Harriet Tubman: The Road to Freedom | Teen Ink

Harriet Tubman: The Road to Freedom

May 15, 2023
By jadateenink BRONZE, Hartland, Wisconsin
jadateenink BRONZE, Hartland, Wisconsin
3 articles 0 photos 0 comments

We’ve all heard the story of Harriet Tubman, the runaway slave who made the courageous journey along the Underground Railroad to free not only herself, but hundreds of other enslaved people.  I remember being taught about her in elementary school, but upon seeing this book, I realized I knew very little about her—which prompted me to start reading.  

Harriet Tubman: The Road to Freedom is an informative and inspiring biography about the abolitionist, civil rights activist, and hero that we know as Harriet Tubman.  For such a celebrity of her time and the historical figure that she is now, there is surprisingly little recorded information about Harriet Tubman, especially in her early life.  Being born into slavery, it’s not unexpected that she would have no birth records or any recorded history about where she lived.  There are many disparities in the accounts of Tubman’s life, so it may be impossible to know for sure what actually happened, however, Katherine Clinton is able to use small accounts from witnesses, interviews, and other contextual information to paint her story and the many possibilities of her experiences and her motives for becoming the fearless woman she was.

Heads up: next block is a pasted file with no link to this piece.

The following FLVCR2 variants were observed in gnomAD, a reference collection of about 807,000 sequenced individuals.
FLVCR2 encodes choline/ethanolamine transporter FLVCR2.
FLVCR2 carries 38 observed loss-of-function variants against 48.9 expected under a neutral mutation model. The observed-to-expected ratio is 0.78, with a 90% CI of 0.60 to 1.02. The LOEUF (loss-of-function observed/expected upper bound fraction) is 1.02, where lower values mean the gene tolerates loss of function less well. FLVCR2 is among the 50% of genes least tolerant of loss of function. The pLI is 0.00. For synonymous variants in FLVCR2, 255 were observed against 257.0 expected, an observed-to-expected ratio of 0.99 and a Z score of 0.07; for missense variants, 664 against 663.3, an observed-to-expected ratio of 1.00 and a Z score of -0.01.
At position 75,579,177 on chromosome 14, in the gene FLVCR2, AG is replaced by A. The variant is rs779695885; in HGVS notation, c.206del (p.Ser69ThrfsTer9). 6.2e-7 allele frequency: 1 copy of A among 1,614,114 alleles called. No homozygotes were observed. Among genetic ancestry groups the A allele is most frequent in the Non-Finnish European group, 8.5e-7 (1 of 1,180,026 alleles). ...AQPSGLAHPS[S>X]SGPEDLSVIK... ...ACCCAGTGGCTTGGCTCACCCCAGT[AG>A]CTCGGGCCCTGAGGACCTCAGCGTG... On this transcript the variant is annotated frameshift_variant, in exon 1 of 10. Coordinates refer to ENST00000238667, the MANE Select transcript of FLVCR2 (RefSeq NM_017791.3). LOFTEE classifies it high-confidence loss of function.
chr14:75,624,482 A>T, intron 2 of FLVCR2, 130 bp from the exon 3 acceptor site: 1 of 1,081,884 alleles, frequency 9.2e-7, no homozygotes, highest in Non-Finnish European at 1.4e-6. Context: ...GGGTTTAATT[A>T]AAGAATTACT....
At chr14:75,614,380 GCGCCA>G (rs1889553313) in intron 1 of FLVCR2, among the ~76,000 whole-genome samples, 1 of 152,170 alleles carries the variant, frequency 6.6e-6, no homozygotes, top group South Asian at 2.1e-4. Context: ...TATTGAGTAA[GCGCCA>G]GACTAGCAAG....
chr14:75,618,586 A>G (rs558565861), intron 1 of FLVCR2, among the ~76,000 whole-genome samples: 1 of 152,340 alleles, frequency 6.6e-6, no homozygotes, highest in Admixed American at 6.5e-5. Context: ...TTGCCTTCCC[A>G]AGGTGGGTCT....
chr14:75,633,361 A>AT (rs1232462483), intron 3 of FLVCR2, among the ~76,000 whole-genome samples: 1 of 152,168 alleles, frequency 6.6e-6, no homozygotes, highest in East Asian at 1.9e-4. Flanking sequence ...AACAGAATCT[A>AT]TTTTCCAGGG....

Throughout this book, you learn many interesting facts and details about Harriet Tubman that likely wasn’t taught to you in school.  For example, her name was not in fact Harriet Tubman.  Her parents named her Araminta when she was born, and she was sometimes called “Minty” as a nickname.  When she escaped to the North for the first time, she took the name Harriet (after her mother and grandmother) to avoid being caught by slave hunters.  The name Tubman comes from her husband John Tubman, a free man whom she married in 1844.  When he did not share her desire to move to the North, she was forced with the decision to leave him in order to pursue her own freedom, but she decided to keep his name. 

From her early childhood, to helping free slaves, to her contributions to the Civil War against the Confederacy, and her fight for racial justice after the war, we are able to see the brilliance of Harriet Tubman and the significance of her role in the fight for freedom and equality.  

Beyond the narration of Tubman’s life, Clinton also is able to provide information and reference other prominent figures of the time such as Frederick Douglass and Sojourner Truth and gives historical context of American slavery and the Civil war.  She provides appropriate contexts that inform readers about the cultures of both black and white Americans. 

As someone who enjoys nonfiction, this book is an excellent read, and I would recommend for everyone that looks to better understand the uglier parts of American history and the incredible people who embody the idea of Americanism in fighting for their freedom and rights. 

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